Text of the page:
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What are you doing for St. Patrick's Day?
It might interest you to know that your plans might not differ all that much from those Irish natives observed a thousand years ago. The holiday falls during the Christian season of Lent, which traditionally means that observers cannot eat meat. However, on St. Patrick's Day, Irish families would attend church in the morning and then celebrate in the afternoon. Lent restrictions were waived for the day, and the Irish would drink, dance, and feast on traditional fare, such as bacon and cabbage.
One thing that has changed, however, is the color associated with the day.
Originally, St. Patrick was associated with blue, however, over the centuries shamrocks and green ribbons became a permanent symbol of the celebration and by the 17th century green was the official color of the holiday.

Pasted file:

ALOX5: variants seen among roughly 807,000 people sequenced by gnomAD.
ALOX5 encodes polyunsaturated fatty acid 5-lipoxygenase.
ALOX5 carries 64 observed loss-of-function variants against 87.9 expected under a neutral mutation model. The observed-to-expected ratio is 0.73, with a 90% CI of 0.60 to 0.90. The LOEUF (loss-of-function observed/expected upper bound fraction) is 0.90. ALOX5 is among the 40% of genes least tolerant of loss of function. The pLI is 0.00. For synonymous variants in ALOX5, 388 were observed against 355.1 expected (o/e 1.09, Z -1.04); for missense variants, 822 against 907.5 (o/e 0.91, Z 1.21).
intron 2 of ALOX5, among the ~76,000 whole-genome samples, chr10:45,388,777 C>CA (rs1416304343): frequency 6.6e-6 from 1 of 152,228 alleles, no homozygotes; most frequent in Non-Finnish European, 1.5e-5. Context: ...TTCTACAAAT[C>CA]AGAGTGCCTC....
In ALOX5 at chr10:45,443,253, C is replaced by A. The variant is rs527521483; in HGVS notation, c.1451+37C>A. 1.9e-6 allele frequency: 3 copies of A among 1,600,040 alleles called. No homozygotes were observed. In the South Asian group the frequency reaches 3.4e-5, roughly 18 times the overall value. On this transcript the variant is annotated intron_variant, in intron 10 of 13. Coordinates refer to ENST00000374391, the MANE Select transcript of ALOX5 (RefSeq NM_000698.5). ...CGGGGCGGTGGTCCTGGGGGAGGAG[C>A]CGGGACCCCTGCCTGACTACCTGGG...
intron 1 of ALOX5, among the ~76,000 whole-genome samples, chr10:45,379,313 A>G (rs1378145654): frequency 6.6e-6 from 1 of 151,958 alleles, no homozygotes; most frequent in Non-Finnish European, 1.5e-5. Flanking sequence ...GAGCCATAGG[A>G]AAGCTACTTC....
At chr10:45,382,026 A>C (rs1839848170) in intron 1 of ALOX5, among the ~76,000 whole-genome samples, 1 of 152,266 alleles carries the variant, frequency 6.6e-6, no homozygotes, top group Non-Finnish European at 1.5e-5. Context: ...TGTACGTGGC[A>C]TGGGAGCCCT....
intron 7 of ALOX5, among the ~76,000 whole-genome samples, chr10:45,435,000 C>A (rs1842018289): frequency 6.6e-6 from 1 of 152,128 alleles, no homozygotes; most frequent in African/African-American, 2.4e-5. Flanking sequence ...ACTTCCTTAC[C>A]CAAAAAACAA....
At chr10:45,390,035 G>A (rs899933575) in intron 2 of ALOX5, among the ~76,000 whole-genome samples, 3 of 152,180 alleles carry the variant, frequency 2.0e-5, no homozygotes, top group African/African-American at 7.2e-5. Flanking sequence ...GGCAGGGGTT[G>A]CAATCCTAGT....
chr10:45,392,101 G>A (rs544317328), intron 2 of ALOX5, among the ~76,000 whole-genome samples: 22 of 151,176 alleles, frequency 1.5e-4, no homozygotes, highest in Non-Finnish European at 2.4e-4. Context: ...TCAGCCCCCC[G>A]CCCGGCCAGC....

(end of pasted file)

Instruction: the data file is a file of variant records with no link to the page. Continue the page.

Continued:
Today, in Dublin, Ireland, St. Patrick's Day has become a five-day long celebration which draws upwards to over one million people each year. The entire nation celebrates with different rituals, including the St. Patrick's Day Parade in Dripsey, Cork, which is on record as being the shortest parade in the world - 100 yards between two local pubs.
The Cheshire Herald would like to wish everyone a happy St. Patrick's Day and urge everyone to drink responsibly.